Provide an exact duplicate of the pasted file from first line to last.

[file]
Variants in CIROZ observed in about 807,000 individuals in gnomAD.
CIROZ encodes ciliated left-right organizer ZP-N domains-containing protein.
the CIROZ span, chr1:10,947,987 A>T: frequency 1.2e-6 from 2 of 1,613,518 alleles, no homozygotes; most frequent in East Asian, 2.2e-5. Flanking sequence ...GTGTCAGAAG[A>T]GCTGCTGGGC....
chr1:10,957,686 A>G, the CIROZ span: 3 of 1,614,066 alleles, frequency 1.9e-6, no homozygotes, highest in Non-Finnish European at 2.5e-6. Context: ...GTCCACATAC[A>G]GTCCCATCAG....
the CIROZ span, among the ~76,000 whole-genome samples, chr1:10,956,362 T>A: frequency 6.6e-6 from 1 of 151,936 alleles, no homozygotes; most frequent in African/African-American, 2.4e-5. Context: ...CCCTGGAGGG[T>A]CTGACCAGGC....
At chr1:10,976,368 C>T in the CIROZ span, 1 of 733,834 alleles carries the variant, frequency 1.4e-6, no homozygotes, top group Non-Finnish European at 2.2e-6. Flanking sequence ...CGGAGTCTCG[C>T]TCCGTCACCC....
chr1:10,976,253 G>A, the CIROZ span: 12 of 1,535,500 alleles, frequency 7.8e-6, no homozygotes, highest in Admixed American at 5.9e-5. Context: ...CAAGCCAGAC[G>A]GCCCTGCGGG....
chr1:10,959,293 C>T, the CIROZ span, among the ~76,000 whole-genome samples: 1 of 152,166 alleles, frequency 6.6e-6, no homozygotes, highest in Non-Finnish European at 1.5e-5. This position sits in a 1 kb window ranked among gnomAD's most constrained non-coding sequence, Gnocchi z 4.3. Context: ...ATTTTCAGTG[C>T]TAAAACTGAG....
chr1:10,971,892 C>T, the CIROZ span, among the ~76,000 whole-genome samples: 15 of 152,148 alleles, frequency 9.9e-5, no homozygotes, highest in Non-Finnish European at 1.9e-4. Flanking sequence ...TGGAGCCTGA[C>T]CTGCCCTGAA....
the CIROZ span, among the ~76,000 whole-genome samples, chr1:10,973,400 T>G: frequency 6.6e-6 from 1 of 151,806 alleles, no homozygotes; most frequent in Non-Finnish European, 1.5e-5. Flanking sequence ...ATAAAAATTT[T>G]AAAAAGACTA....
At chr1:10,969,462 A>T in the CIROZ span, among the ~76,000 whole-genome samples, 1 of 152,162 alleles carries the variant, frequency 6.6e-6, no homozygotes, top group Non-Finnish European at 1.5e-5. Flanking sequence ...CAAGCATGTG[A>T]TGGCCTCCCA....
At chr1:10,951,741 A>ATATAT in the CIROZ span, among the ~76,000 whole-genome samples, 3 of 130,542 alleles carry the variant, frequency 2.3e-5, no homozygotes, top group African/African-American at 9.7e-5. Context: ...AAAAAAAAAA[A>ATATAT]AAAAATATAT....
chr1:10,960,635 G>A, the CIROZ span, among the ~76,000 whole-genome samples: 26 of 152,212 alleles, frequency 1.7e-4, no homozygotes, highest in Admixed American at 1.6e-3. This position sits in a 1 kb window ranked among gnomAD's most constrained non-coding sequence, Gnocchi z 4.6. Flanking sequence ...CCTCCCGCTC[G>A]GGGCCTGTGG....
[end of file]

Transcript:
Variants in CIROZ observed in about 807,000 individuals in gnomAD.
CIROZ encodes ciliated left-right organizer ZP-N domains-containing protein.
the CIROZ span, chr1:10,947,987 A>T: frequency 1.2e-6 from 2 of 1,613,518 alleles, no homozygotes; most frequent in East Asian, 2.2e-5. Flanking sequence ...GTGTCAGAAG[A>T]GCTGCTGGGC....
chr1:10,957,686 A>G, the CIROZ span: 3 of 1,614,066 alleles, frequency 1.9e-6, no homozygotes, highest in Non-Finnish European at 2.5e-6. Context: ...GTCCACATAC[A>G]GTCCCATCAG....
the CIROZ span, among the ~76,000 whole-genome samples, chr1:10,956,362 T>A: frequency 6.6e-6 from 1 of 151,936 alleles, no homozygotes; most frequent in African/African-American, 2.4e-5. Context: ...CCCTGGAGGG[T>A]CTGACCAGGC....
At chr1:10,976,368 C>T in the CIROZ span, 1 of 733,834 alleles carries the variant, frequency 1.4e-6, no homozygotes, top group Non-Finnish European at 2.2e-6. Flanking sequence ...CGGAGTCTCG[C>T]TCCGTCACCC....
chr1:10,976,253 G>A, the CIROZ span: 12 of 1,535,500 alleles, frequency 7.8e-6, no homozygotes, highest in Admixed American at 5.9e-5. Context: ...CAAGCCAGAC[G>A]GCCCTGCGGG....
chr1:10,959,293 C>T, the CIROZ span, among the ~76,000 whole-genome samples: 1 of 152,166 alleles, frequency 6.6e-6, no homozygotes, highest in Non-Finnish European at 1.5e-5. This position sits in a 1 kb window ranked among gnomAD's most constrained non-coding sequence, Gnocchi z 4.3. Context: ...ATTTTCAGTG[C>T]TAAAACTGAG....
chr1:10,971,892 C>T, the CIROZ span, among the ~76,000 whole-genome samples: 15 of 152,148 alleles, frequency 9.9e-5, no homozygotes, highest in Non-Finnish European at 1.9e-4. Flanking sequence ...TGGAGCCTGA[C>T]CTGCCCTGAA....
the CIROZ span, among the ~76,000 whole-genome samples, chr1:10,973,400 T>G: frequency 6.6e-6 from 1 of 151,806 alleles, no homozygotes; most frequent in Non-Finnish European, 1.5e-5. Flanking sequence ...ATAAAAATTT[T>G]AAAAAGACTA....
At chr1:10,969,462 A>T in the CIROZ span, among the ~76,000 whole-genome samples, 1 of 152,162 alleles carries the variant, frequency 6.6e-6, no homozygotes, top group Non-Finnish European at 1.5e-5. Flanking sequence ...CAAGCATGTG[A>T]TGGCCTCCCA....
At chr1:10,951,741 A>ATATAT in the CIROZ span, among the ~76,000 whole-genome samples, 3 of 130,542 alleles carry the variant, frequency 2.3e-5, no homozygotes, top group African/African-American at 9.7e-5. Context: ...AAAAAAAAAA[A>ATATAT]AAAAATATAT....
chr1:10,960,635 G>A, the CIROZ span, among the ~76,000 whole-genome samples: 26 of 152,212 alleles, frequency 1.7e-4, no homozygotes, highest in Admixed American at 1.6e-3. This position sits in a 1 kb window ranked among gnomAD's most constrained non-coding sequence, Gnocchi z 4.6. Flanking sequence ...CCTCCCGCTC[G>A]GGGCCTGTGG....